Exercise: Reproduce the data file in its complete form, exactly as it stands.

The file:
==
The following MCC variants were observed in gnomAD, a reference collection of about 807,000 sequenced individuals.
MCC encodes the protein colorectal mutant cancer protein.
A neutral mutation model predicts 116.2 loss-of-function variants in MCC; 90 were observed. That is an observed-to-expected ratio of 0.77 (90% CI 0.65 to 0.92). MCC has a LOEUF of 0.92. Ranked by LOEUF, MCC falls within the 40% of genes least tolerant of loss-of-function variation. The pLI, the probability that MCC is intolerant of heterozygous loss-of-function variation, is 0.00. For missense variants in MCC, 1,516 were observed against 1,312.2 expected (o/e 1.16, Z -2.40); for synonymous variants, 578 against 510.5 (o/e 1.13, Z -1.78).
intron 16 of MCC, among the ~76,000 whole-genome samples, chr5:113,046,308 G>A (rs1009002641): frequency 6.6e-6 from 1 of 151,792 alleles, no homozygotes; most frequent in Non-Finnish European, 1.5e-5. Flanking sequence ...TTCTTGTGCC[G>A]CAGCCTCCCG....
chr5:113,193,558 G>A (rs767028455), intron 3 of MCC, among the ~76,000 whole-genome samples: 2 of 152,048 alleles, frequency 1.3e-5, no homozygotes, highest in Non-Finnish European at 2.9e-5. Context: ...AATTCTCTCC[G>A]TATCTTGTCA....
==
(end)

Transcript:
The following MCC variants were observed in gnomAD, a reference collection of about 807,000 sequenced individuals.
MCC encodes the protein colorectal mutant cancer protein.
A neutral mutation model predicts 116.2 loss-of-function variants in MCC; 90 were observed. That is an observed-to-expected ratio of 0.77 (90% CI 0.65 to 0.92). MCC has a LOEUF of 0.92. Ranked by LOEUF, MCC falls within the 40% of genes least tolerant of loss-of-function variation. The pLI, the probability that MCC is intolerant of heterozygous loss-of-function variation, is 0.00. For missense variants in MCC, 1,516 were observed against 1,312.2 expected (o/e 1.16, Z -2.40); for synonymous variants, 578 against 510.5 (o/e 1.13, Z -1.78).
intron 16 of MCC, among the ~76,000 whole-genome samples, chr5:113,046,308 G>A (rs1009002641): frequency 6.6e-6 from 1 of 151,792 alleles, no homozygotes; most frequent in Non-Finnish European, 1.5e-5. Flanking sequence ...TTCTTGTGCC[G>A]CAGCCTCCCG....
chr5:113,193,558 G>A (rs767028455), intron 3 of MCC, among the ~76,000 whole-genome samples: 2 of 152,048 alleles, frequency 1.3e-5, no homozygotes, highest in Non-Finnish European at 2.9e-5. Context: ...AATTCTCTCC[G>A]TATCTTGTCA....